Back in December, my buddy Epitrope moved to NY, and was trying to get rid of the things he wasn’t going to transport across the entire US. One of these things was an older 720p plasma Zenith TV. He is a hacker extraordinaire, and after doing a bit of looking at the manual, saw that the protocol for the serial interface on the back is documented. He created a set of programs to communicate with this port to do some TV automation, which I thought was really cool. After doing him the favor of taking the TV off his hands (I’m an altruist at heart…), I decided I wanted to use the same programs, running on a dusty Raspberry Pi 1 I had laying around instead of using a full computer like he did.
Epitrope architected the program really well, using a separate client/server interface, with the client written in Python and the server written in C. It also uses protobufs to have the protocol defined separately from the programs, and uses ZeroMQ to encapsulate commands between the two. I knew very little about protobufs or ZeroMQ as I went forward trying to “port” this program to Raspi, and ran into a handful of different issues.
The first issue I ran into was that the Github repo Epitrope set up didn’t have full build instructions, including the dependencies for C and Python that are necessary to run. As I discovered which packages supplied the right dependencies, I put together some docs and fixed up the Makefile to handle more steps, such as compiling the protocol buffer definitions.
There were a few interesting gotchas during this process. There are multiple bindings for ZeroMQ, depending on version. Using the wrong one doesn’t work, obviously.
Also, the system package in Ubuntu for protobuf compiling doesn’t include the compiler for C, but does include the one for Python, so you need to install two separate dependencies.
I then had to deal with the fact that the serial port used in the original was hardcoded, and didn’t match the FTDI USB-to-Serial device I was using on the Raspi. This was a fairly small change.
The next commit took the most research. Even though everything seemed to be wired together properly, I was getting corrupted data and commands weren’t working. After fixing some of the debug output to display properly, it started to become clear that I was only getting partial data. The responses were supposed to be 14 bytes, but instead I was only getting the first 8. I finally figured out that the serial reads from the Raspi would only read 8 bytes at a time, so you need to do multiple reads to get all the data. Epitrope’s hardware apparently returned all 14 bytes at once, and so never ran into this problem.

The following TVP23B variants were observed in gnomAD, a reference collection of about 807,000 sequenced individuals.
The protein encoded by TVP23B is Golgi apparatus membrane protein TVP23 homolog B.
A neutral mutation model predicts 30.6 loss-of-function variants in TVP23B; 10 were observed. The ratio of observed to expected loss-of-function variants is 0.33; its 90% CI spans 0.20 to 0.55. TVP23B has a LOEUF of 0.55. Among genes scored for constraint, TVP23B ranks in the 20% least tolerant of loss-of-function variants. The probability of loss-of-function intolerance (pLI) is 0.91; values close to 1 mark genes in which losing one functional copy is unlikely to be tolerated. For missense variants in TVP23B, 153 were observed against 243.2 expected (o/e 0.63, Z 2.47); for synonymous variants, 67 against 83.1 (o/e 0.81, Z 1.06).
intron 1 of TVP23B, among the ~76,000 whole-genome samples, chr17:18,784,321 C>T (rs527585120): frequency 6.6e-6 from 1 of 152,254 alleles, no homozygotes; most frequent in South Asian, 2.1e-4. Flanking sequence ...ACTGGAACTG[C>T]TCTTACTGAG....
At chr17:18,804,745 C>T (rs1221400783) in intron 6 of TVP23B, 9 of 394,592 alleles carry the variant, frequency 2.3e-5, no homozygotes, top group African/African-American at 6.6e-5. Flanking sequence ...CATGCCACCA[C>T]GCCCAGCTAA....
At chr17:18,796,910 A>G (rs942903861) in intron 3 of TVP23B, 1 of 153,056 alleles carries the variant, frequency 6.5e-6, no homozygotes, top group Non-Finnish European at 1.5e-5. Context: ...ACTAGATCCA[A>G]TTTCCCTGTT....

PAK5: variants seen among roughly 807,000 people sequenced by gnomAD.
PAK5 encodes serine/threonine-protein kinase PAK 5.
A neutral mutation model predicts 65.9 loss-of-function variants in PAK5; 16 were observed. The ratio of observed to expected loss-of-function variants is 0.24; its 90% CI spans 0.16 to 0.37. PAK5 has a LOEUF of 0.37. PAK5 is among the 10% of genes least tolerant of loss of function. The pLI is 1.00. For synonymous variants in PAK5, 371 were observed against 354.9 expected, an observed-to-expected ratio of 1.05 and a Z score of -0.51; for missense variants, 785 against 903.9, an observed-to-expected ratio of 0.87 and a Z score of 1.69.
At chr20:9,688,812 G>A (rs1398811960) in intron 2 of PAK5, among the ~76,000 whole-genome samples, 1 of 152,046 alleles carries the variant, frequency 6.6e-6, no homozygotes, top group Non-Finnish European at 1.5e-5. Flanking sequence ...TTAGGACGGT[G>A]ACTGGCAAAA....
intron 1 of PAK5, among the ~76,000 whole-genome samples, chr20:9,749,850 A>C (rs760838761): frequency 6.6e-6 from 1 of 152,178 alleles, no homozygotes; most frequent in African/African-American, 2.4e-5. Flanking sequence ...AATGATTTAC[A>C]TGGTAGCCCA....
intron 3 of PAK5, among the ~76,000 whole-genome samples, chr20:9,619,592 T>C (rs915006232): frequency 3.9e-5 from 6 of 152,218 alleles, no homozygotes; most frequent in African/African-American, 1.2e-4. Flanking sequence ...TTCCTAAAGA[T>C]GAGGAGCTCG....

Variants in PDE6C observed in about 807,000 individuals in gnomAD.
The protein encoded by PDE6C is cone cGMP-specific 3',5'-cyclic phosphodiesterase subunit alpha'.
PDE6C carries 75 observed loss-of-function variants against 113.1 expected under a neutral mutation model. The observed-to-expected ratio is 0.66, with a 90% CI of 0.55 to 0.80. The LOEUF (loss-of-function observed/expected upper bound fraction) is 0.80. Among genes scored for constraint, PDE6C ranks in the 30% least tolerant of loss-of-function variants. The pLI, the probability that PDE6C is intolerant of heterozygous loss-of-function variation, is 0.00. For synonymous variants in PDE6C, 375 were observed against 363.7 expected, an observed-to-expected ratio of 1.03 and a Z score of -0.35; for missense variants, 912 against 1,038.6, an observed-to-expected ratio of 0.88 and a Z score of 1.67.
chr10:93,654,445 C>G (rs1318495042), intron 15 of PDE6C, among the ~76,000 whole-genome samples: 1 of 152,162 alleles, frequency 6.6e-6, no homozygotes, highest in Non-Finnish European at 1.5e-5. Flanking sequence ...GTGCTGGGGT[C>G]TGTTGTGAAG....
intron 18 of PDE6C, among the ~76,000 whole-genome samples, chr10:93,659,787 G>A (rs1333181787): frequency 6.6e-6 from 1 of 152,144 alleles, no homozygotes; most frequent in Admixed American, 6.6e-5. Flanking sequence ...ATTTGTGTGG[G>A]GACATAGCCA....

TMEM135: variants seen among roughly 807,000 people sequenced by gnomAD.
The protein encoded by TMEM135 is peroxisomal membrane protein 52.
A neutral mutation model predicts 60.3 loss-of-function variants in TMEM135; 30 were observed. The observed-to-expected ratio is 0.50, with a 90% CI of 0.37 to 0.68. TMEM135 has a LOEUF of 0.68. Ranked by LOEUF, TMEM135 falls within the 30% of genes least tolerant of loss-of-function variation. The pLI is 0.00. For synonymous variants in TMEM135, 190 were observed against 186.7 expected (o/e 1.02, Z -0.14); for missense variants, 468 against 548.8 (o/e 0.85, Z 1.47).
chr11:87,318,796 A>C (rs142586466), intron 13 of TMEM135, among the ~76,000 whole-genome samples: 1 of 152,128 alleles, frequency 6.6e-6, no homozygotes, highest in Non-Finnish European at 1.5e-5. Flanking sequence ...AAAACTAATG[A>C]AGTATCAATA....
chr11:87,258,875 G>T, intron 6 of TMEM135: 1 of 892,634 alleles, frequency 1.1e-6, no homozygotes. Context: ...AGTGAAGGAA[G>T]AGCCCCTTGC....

The last thing I did was to add a new TV command to do something you can’t do with the remote, “screen mute”. This effectively turns off the screen, but leaves the sound still being output. My wife likes to fall asleep with the TV on, but really the thing she’s interested in is the sound, so I thought adding this feature would actually make this program useful to me. The code for this was very regular, and fit patterns put in place by Epitrope for the other commands. It did require extending the protocol buffer definition, and there was quite a bit of boilerplate.
I have aspirations of rewriting both programs into a single Rust program, as I feel that Rust lends itself to system code, but also for web code. The ultimate goal would be to have a RESTful API to control the TV, and perhaps even a small web frontend you could pull up on your phone, but I really haven’t gotten very far in learning Rust this year, like I hoped I would. I still hope to come back to this sometime.
Overall, I had fun with this little port project. I learned about ZeroMQ and protobufs a bit, and learned you can’t always assume even small serial reads will complete in a single read call. It was also the first C project I’d worked on in years, so it felt a little like going home to visit, even if it was only for a few days.